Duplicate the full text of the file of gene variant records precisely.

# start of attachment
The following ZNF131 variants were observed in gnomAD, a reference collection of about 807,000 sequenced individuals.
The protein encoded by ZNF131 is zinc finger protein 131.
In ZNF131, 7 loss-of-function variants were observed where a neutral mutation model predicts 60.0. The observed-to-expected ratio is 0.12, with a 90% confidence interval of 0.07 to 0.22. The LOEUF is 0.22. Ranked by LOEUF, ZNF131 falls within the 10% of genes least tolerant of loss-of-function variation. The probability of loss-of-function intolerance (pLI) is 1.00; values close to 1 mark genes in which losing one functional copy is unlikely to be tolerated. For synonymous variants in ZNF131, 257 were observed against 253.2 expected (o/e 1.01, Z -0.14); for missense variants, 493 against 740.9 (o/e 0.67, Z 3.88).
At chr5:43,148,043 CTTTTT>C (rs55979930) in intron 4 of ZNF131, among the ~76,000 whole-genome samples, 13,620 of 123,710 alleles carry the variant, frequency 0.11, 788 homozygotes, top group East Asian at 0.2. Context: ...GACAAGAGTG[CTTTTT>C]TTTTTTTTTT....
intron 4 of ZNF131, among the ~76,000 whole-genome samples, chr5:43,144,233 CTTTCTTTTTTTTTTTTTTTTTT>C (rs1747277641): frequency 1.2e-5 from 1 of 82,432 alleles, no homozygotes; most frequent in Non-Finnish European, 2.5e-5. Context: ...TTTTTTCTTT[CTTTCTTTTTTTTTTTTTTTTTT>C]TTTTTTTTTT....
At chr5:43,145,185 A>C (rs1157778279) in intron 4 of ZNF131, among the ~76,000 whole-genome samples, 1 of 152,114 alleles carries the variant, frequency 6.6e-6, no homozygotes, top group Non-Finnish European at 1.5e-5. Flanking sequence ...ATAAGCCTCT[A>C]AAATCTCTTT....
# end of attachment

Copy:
The following ZNF131 variants were observed in gnomAD, a reference collection of about 807,000 sequenced individuals.
The protein encoded by ZNF131 is zinc finger protein 131.
In ZNF131, 7 loss-of-function variants were observed where a neutral mutation model predicts 60.0. The observed-to-expected ratio is 0.12, with a 90% confidence interval of 0.07 to 0.22. The LOEUF is 0.22. Ranked by LOEUF, ZNF131 falls within the 10% of genes least tolerant of loss-of-function variation. The probability of loss-of-function intolerance (pLI) is 1.00; values close to 1 mark genes in which losing one functional copy is unlikely to be tolerated. For synonymous variants in ZNF131, 257 were observed against 253.2 expected (o/e 1.01, Z -0.14); for missense variants, 493 against 740.9 (o/e 0.67, Z 3.88).
At chr5:43,148,043 CTTTTT>C (rs55979930) in intron 4 of ZNF131, among the ~76,000 whole-genome samples, 13,620 of 123,710 alleles carry the variant, frequency 0.11, 788 homozygotes, top group East Asian at 0.2. Context: ...GACAAGAGTG[CTTTTT>C]TTTTTTTTTT....
intron 4 of ZNF131, among the ~76,000 whole-genome samples, chr5:43,144,233 CTTTCTTTTTTTTTTTTTTTTTT>C (rs1747277641): frequency 1.2e-5 from 1 of 82,432 alleles, no homozygotes; most frequent in Non-Finnish European, 2.5e-5. Context: ...TTTTTTCTTT[CTTTCTTTTTTTTTTTTTTTTTT>C]TTTTTTTTTT....
At chr5:43,145,185 A>C (rs1157778279) in intron 4 of ZNF131, among the ~76,000 whole-genome samples, 1 of 152,114 alleles carries the variant, frequency 6.6e-6, no homozygotes, top group Non-Finnish European at 1.5e-5. Flanking sequence ...ATAAGCCTCT[A>C]AAATCTCTTT....